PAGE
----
This course covers a special topic of timely interest. The course may be given by a full-time or part-time faculty member who will present the faculty with a course outline, syllabus and objectives. Prerequisites to be determined based on actual topic offered. Depending on the subject matter, the course may have a language requirement. 

    The course presents the theoretical background, approaches, principles and techniques of teaching and assessing science in the elementary school. 

    This course alerts students to the rules and regulations of the university; it also alerts students to university expectations, and the differences between rote learning and self-motivation; it offers guidelines to enable students to make a more informed career choice. Headhunters and HR personnel are invited to inform students of market needs and requirements. The course also informs students about communication etiquette (including e-mail etiquette), as well as writing and formatting of CVs.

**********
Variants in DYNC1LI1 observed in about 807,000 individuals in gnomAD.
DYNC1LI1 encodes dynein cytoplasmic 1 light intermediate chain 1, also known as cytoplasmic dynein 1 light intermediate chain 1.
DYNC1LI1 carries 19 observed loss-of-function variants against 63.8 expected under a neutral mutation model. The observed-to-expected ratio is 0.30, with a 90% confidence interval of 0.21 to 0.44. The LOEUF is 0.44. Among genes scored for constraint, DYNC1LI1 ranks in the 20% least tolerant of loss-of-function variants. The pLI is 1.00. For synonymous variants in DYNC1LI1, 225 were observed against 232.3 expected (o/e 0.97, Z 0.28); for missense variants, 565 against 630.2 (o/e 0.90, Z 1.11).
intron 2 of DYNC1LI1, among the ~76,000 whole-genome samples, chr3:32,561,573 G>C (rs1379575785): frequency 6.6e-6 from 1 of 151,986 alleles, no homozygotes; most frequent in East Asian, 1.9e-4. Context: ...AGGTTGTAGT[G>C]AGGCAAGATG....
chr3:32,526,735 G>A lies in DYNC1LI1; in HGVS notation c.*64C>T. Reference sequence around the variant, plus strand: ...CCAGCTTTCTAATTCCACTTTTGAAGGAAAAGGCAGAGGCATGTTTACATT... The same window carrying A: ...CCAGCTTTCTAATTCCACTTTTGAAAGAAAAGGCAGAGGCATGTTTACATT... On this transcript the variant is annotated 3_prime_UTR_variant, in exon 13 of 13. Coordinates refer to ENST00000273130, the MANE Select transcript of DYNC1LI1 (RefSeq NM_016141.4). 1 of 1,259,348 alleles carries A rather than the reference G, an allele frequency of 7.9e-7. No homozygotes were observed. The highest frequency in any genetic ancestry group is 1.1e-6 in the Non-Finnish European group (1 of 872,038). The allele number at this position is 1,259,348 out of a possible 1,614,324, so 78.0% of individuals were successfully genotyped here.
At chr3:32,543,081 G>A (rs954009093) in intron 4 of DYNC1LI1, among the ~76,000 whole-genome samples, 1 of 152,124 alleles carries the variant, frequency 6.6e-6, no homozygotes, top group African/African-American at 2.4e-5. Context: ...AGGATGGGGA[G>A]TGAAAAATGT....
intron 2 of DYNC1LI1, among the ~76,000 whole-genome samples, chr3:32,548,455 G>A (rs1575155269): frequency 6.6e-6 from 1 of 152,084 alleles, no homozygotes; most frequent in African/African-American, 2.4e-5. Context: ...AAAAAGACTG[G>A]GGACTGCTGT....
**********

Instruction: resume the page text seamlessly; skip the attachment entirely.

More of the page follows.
Forensic Science is the application of science to the law. This course introduces students to the many disciplines of forensic science and how they are used in our criminal justice system. Students will gain a basic understanding of the concepts and techniques on which forensic science is built, such as those associated with crimes scene processing, physical evidence, fingerprints, firearms and DNA. The use of DNA in forensics will be explained in a manner that is comprehensible and relevant.

    This course is an introduction to an overview and concepts of Computer Aided Design in lectures and exercise form. It enables the students to execute various 2-D digital architectural drawings. The course will comprise basic computer aided drafting skills using the latest release of CAD software including: file management, Cartesian coordinates system, drawing setup, drawing aids, layer usage, drawing 2D geometric shapes, editing objects, array, text applications, dimensions and dimension variables, paper space and viewports, templates, external references, and printing/plotting.